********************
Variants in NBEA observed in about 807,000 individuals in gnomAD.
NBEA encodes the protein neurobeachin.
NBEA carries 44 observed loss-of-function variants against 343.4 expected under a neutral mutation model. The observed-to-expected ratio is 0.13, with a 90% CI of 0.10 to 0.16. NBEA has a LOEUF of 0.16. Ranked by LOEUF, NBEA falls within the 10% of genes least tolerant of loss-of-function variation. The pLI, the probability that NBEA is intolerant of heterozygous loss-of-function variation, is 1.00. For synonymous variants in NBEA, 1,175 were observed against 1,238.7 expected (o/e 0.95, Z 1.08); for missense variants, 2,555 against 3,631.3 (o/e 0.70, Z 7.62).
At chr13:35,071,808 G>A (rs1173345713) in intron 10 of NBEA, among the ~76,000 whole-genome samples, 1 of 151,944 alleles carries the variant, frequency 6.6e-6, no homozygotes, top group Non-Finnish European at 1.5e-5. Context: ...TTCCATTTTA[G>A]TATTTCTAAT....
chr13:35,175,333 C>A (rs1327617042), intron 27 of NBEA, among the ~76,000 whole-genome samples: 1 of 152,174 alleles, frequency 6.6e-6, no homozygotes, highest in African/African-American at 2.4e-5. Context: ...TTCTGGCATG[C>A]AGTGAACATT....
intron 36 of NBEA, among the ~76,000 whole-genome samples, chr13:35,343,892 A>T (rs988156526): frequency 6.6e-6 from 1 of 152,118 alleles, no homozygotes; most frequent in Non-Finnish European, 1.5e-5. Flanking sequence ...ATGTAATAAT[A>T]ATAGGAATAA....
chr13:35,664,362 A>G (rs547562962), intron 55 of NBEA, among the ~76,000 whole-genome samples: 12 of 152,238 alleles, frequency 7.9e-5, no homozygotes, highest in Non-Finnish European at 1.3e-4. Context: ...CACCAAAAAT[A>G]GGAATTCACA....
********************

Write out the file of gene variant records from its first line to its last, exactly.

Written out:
Variants in NBEA observed in about 807,000 individuals in gnomAD.
NBEA encodes the protein neurobeachin.
NBEA carries 44 observed loss-of-function variants against 343.4 expected under a neutral mutation model. The observed-to-expected ratio is 0.13, with a 90% CI of 0.10 to 0.16. NBEA has a LOEUF of 0.16. Ranked by LOEUF, NBEA falls within the 10% of genes least tolerant of loss-of-function variation. The pLI, the probability that NBEA is intolerant of heterozygous loss-of-function variation, is 1.00. For synonymous variants in NBEA, 1,175 were observed against 1,238.7 expected (o/e 0.95, Z 1.08); for missense variants, 2,555 against 3,631.3 (o/e 0.70, Z 7.62).
At chr13:35,071,808 G>A (rs1173345713) in intron 10 of NBEA, among the ~76,000 whole-genome samples, 1 of 151,944 alleles carries the variant, frequency 6.6e-6, no homozygotes, top group Non-Finnish European at 1.5e-5. Context: ...TTCCATTTTA[G>A]TATTTCTAAT....
chr13:35,175,333 C>A (rs1327617042), intron 27 of NBEA, among the ~76,000 whole-genome samples: 1 of 152,174 alleles, frequency 6.6e-6, no homozygotes, highest in African/African-American at 2.4e-5. Context: ...TTCTGGCATG[C>A]AGTGAACATT....
intron 36 of NBEA, among the ~76,000 whole-genome samples, chr13:35,343,892 A>T (rs988156526): frequency 6.6e-6 from 1 of 152,118 alleles, no homozygotes; most frequent in Non-Finnish European, 1.5e-5. Flanking sequence ...ATGTAATAAT[A>T]ATAGGAATAA....
chr13:35,664,362 A>G (rs547562962), intron 55 of NBEA, among the ~76,000 whole-genome samples: 12 of 152,238 alleles, frequency 7.9e-5, no homozygotes, highest in Non-Finnish European at 1.3e-4. Context: ...CACCAAAAAT[A>G]GGAATTCACA....